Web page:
Repeal of legislation will end 16-year attack on delivery of health care and community social services in BC

HSA welcomes today’s news that BC Minister of Health Adrian Dix has introduced legislation repealing 16-year-old legislation that targeted health care and community social services workers British Columbians count on to care for them during their most vulnerable times.

“This legislation introduced today brings an end to almost two decades of attacks on health care and community social service workers,” said HSA President Val Avery.

Bills 29 and 94, introduced by the BC Liberal government in 2002 and 2003 respectively, resulted in reduction in wages, working conditions, and job security for workers in the health and community social services sectors. The effect of the legislation was to erode the conditions of care for vulnerable patients and clients and to create industrial instability.

In 2008, the Supreme Court of Canada threw out many elements of the legislation that eliminated collective agreement protections against contracting out, cancelled layoff notice provisions, took away bumping rights, and gave employers the unilateral right to transfer employees from one workplace to another without their consent.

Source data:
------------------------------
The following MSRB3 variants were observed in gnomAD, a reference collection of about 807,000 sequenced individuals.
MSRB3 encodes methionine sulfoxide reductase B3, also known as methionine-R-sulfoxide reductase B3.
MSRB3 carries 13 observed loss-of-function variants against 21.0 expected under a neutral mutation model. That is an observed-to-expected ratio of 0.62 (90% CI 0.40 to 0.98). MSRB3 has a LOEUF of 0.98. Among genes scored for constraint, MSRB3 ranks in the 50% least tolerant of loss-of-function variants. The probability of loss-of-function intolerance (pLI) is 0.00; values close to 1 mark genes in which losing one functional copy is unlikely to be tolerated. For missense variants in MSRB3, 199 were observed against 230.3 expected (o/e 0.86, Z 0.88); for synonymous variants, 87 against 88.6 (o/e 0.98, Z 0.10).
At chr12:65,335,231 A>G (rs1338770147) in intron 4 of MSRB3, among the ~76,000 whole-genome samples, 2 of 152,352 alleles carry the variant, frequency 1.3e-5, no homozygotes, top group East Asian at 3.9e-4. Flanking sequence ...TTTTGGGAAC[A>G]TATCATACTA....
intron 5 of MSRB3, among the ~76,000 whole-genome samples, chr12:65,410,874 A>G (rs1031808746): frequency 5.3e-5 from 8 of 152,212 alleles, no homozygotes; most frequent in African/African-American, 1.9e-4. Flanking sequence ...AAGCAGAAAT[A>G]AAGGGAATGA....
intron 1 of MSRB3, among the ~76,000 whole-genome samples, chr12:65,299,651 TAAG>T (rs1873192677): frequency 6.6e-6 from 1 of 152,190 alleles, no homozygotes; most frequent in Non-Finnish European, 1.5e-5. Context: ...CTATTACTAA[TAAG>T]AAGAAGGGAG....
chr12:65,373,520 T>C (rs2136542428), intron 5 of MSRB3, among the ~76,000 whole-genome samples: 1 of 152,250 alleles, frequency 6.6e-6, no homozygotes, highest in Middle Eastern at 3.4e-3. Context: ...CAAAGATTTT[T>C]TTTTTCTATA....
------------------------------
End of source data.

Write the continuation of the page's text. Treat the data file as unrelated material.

Despite the Supreme Court’s ruling, the then-BC Liberal government continued to pursue its agenda of contracting out and privatizing critical services.

Seniors care was widely contracted out to private providers, and the effect of short-term contracts resulted in a loss of continuity of care and over-worked staff, for which patients and their families suffered the consequences. BC’s seniors’ advocate, Isobel McKenzie, released a report earlier this year that found, compared to public care homes, seniors living in private facilities are 32 per cent more likely to be sent to the emergency department; 34 per cent more likely to be hospitalized; likely to stay in hospital 32 per cent longer; and 54 per cent more likely to die in hospital.

“With the complete repeal of the legislation that allowed this erosion in services, our members working in health care and community social services will be able to focus on what they do best – taking care of British Columbians in hospitals and in their communities,” Avery said.

See the government's background on the announcement here.

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